- The Washington Times - Wednesday, August 11, 2004

The U.S. economy bulldozed its way back into the presidential election this month with a bunch of reports suggesting the recovery may be losing steam.

My own belief is we have run into what Alan Greenspan calls a soft spot, as consumers pay down their bills and the economy pauses to catch its breath in preparation for the next big growth surge.

After months of increasing jobs numbers, stronger 3 percent to 4 percent GDP growth rates, bullish business earnings, little if any inflation and record productivity levels, we’ve just received the economic equivalent of a cold summer shower.

Until recently, the economy has not played much of role in this election. John Kerry clearly underplayed economic issues in his rushed address to the Democratic National Convention, focusing on national security issues and Iraq. Maybe that’s why his speech was greeted with a huge yawn by undecided voters and he left Boston with virtually no bounce in the polls.

Predictably, after months of underreporting a string of good news in the economy, the national media now heavily plays the falling numbers on jobs, incomes and consumer spending, all of which suggest a cooling-off period.

However, it would be just as premature to judge the overall economy’s performance on the basis of one month’s numbers as it would be to judge a mutual fund’s performance over the same brief period.

Even so, the bad news for President Bush is that job growth stalled last month as businesses added only 32,000 new jobs in July — the smallest monthly increase since the end of last year.

But the much longer-term employment picture remains positive. First, the jobless rate fell to 5 percent last month, the lowest rate since October 2001 — a reflection of the 1.5 million new jobs created over the past year.

Keep in mind the unemployment rate was 6.3 percent a year ago, so we’ve made a lot of progress on jobs. Are we in danger of slipping back? I don’t think so. Corporate earnings are showing a lot of strength, profits are up and retail sales, despite the late summer lull, have gotten stronger.

Another side to the jobs story is less visible but worthy of mention because that’s where there’s a lot of hiring.

The payroll jobs number comes from a survey of 400,000 businesses that captures all the news headlines. Far less attention is paid another government survey of 60,000 households that “has shown a substantial increase in self-employment since the recession,” The Washington Post reported last week.

Thus, in a cost-cutting era of “contracting out” and “outsourcing,” the payroll jobs count is missing hundreds of thousands of self-employed consultants and contractors — a critical employment number that will only grow in the months and years ahead.

In between these economic numbers are glimmers of progress to come.

Consumer spending fell in June, largely due to a severe drop in car and truck sales. But the auto industry boosted buying incentives last month and there are reports sales are bouncing back. That’s why economic analysts are bullish on the last half of this year.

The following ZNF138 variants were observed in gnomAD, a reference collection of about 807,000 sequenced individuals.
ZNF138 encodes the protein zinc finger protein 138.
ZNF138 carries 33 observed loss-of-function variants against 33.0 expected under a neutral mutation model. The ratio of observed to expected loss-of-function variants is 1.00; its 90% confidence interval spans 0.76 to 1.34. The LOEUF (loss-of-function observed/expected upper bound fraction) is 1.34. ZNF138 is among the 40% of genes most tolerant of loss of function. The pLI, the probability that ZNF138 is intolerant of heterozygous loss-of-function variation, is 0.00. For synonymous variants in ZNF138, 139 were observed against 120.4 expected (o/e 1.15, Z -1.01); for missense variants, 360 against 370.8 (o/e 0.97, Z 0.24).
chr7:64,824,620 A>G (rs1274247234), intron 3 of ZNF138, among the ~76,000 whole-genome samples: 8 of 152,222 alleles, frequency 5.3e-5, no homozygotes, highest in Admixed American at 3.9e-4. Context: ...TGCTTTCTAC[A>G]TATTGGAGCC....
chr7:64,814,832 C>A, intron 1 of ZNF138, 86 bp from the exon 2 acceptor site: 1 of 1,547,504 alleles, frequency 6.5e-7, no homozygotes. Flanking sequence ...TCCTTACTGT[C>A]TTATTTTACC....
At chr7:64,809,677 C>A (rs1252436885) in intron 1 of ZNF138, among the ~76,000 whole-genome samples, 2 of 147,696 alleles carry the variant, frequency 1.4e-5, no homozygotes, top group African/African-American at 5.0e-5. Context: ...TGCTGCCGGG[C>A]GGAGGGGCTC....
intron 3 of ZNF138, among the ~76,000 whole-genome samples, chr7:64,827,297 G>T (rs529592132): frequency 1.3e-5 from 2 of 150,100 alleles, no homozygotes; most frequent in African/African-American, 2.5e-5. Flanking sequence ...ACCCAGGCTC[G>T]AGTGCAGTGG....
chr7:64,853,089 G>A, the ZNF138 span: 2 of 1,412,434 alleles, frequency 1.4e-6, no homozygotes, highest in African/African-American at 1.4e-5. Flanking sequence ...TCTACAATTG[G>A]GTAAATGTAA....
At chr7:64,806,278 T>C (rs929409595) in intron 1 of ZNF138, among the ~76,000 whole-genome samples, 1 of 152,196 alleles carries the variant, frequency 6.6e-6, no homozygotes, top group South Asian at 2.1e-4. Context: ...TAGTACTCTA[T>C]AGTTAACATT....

“We expect the economy to register moderate growth in the second half of 2004,” economist Joe Liro of Stone & McCarthy Research Associates told clients last week. His fearless forecast: a “solid outlook for economic growth.”

A big reason for a sunnier outlook is inflation: There isn’t any to speak of, according to the government. Consumer prices inched up 0.2 percent in June and only 2 percent over the previous year. Excluding volatile food and energy prices, the so-called “core measure” of inflation barely budged upward by 0.1 percent in June.

Certainly the darkest financial cloud on the economy’s horizon is the stock market’s troubling slide that has deeply eroded 401(k) plans and other retirement investment accounts. Iraq, terrorist threats, softening jobs numbers, an insecurity hangover from the tech stock collapse at the end of 1990s, and the fear Mr. Kerry and his liberal clique will win back the White House have all contributed to the sell-off.

There’s a strategy debate among Mr. Bush’s senior advisers about how he should deal with all this in the last 2 months of the campaign. Propose new economic growth initiatves? Or run “a morning in America” campaign that calls on the country to “stay the course”?

The answer is do both. The tax cuts are working, jobs are being created (Microsoft announced it will produce 7,000 new jobs), businesses are paying bigger dividends to stockholders. Incomes and consumer spending overall are up.

But Mr. Bush needs to say he will push the economy to new, higher performance with proposals to overhaul the tax code and lower income tax rates further and take tougher budget action on waste, fraud and abuse to shrink the deficit and curb excessive spending.

This is the next big signal the voters and financial markets seek: renewed confidence in the direction we’re headed and a bolder plan to lift the economy into an ever-higher orbit.

Donald Lambro, chief political correspondent of The Washington Times, is a nationally syndicated columnist.


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